Construction of Bui Dam Begins
Construction of Bui Dam Begins Website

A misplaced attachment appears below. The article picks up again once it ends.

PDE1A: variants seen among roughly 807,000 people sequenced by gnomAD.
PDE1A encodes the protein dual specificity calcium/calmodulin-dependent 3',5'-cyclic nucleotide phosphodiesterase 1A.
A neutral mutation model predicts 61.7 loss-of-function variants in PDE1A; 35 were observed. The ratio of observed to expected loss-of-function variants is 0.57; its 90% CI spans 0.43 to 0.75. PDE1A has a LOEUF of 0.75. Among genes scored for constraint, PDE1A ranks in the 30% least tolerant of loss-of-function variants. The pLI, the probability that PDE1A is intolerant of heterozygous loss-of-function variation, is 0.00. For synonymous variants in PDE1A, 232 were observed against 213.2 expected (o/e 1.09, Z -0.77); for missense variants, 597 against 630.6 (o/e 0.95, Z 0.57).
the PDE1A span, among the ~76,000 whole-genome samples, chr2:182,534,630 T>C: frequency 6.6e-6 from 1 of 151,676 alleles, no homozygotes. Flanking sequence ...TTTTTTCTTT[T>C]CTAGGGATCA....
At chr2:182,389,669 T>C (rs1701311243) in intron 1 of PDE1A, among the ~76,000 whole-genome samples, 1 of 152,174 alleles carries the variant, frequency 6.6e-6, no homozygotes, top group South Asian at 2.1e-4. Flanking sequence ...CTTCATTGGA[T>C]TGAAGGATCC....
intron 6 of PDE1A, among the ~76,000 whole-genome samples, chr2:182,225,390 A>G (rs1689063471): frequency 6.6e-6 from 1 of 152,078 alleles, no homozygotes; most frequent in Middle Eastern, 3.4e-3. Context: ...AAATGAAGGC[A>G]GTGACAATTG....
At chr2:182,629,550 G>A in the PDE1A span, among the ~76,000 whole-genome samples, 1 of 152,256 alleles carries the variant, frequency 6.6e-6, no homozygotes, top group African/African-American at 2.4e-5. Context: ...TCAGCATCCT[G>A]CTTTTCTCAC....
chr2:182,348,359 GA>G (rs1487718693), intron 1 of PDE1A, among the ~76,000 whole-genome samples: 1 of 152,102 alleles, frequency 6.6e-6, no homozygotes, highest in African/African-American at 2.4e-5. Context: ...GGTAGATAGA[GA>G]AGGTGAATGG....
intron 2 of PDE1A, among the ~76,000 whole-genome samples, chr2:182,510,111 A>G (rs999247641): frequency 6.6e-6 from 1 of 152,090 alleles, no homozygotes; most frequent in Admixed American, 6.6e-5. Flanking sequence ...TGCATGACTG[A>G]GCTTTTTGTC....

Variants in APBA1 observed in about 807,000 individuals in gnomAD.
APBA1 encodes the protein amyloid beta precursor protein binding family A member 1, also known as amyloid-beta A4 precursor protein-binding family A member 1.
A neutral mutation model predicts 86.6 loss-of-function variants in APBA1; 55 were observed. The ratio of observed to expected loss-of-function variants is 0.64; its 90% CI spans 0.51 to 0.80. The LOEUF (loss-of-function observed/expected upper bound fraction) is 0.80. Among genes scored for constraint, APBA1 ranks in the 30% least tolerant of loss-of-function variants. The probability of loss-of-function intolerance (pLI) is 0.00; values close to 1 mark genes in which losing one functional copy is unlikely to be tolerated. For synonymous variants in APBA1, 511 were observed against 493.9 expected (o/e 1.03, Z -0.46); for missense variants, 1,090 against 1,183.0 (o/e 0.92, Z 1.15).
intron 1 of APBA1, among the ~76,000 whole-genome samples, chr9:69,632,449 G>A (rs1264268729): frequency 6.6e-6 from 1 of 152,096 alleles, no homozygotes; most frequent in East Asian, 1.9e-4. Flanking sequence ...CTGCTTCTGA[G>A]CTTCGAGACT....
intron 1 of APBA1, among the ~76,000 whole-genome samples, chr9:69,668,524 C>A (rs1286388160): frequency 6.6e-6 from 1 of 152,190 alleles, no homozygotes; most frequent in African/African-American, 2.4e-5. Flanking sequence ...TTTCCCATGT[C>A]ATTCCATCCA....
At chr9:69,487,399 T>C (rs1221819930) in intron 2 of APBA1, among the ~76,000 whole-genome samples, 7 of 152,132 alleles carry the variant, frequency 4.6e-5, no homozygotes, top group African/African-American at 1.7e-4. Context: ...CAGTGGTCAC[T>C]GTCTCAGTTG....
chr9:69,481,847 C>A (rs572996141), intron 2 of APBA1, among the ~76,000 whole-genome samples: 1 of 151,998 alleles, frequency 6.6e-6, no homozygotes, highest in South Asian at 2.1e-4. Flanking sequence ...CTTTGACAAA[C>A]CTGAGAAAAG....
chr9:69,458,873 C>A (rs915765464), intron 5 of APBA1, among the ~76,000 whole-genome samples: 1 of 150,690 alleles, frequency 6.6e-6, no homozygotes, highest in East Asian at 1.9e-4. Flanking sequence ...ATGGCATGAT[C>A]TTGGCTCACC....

President John Agyekum Kufuor on Friday cut the sod to mark the start of work on the 622-million-dollar Bui Hydro-Electric Dam Project at Bui in the Brong Ahafo Region. The construction of the Dam, which has been on the drawing board for decades, would add 400 megawatts to the national electricity generation mix on completion. Apart from hydropower generation, the Project has irrigation, fisheries and tourism components and the construction of a nucleus of a metropolis to be called Bui City that is expected to provide impetus to the economic and social transformation of the area. The construction phase is projected to give direct employment to 2,900 Ghanaians. Speaking at the ceremony President Kufuor gave a firm assurance that its implementation would be kept consistent with internationally accepted environmental standards and best practices. A comprehensive environmental monitoring and mitigation plan, he said, had been incorporated in the Project's design to minimize its negative impact. Additionally, the Government would ensure that compensatory plans for resettlement of about 2,000 people, who would be affected by the Project, would draw extensively on experiences from earlier re-settlement schemes undertaken during the construction of the Akosombo and Kpong Hydro-Electric Projects. President Kufuor said the Project, programmed for completion in early 2012, was part of the overall strategy to triple the country's energy supply capacity from the current 2,000 megawatts to 6,000 megawatts by 2015. He called on the nation's engineers, technicians and managers as well as both skilled and unskilled labour to take full advantage of it to help to promote the necessary technology transfer that would enable the country to execute similar projects on its own in the future. Sino-Hydro, Chinese Company, reputed for the construction of China's biggest hydropower dam is constructing the project. President Kufuor spoke of plans to build small dams on the Ankobra, Pra, Tano and the White Volta. He said "to look ahead to the next 30 years, to forestall the current energy shortage problems that currently confront us, and in anticipation of increased population and widespread industrialization, it is hoped that planning ahead for increased energy supply will become part of the national culture". President Kufuor conveyed the country's appreciation to China, which is providing 562 million dollars towards the Project. The remaining 60 million dollars is from the Government of Ghana. "The (Bui) Hydro-Energy Project is yet another addition to the list of collaborative ventures," he said. Mr Joseph Kofi Adda, Energy Minister, described the Project as a 'dream that has become a reality'. Mr Kwadwo Baah-Wiredu, Finance Minister, asked the business community to seize the opportunity offered by the Project to create more wealth and jobs. China's Ambassador, Mr Yu Wenzhe said Ghana and his country were both developing and that it was important for them to cooperate and to assist each other in times of need. He said China would continue to support Ghana as well as encourage its entrepreneurs to invest and set up joint-ventures in the country. Mr J.H. Mensah, a Statesman, who presided, said the project was in fulfilment of a promise the Government made to the nation. President Kufuor also spoke of efforts to address the current energy crisis, saying the country hopes to generate 1000 megawatts of power by the end of next year. The Bui Dam project itself is expected to generate 400 megawatts on completion. The Dam, which had been reduced to a mere proposal and a plan four decades after Ghana’s first President, Dr. Kwame Nkrumah dreamed of its role in the industrialization of the country, will be Ghana's second biggest hydroelectric dam after Akosombo. The Bui Dam will be constructed on the Black Volta over the next five years.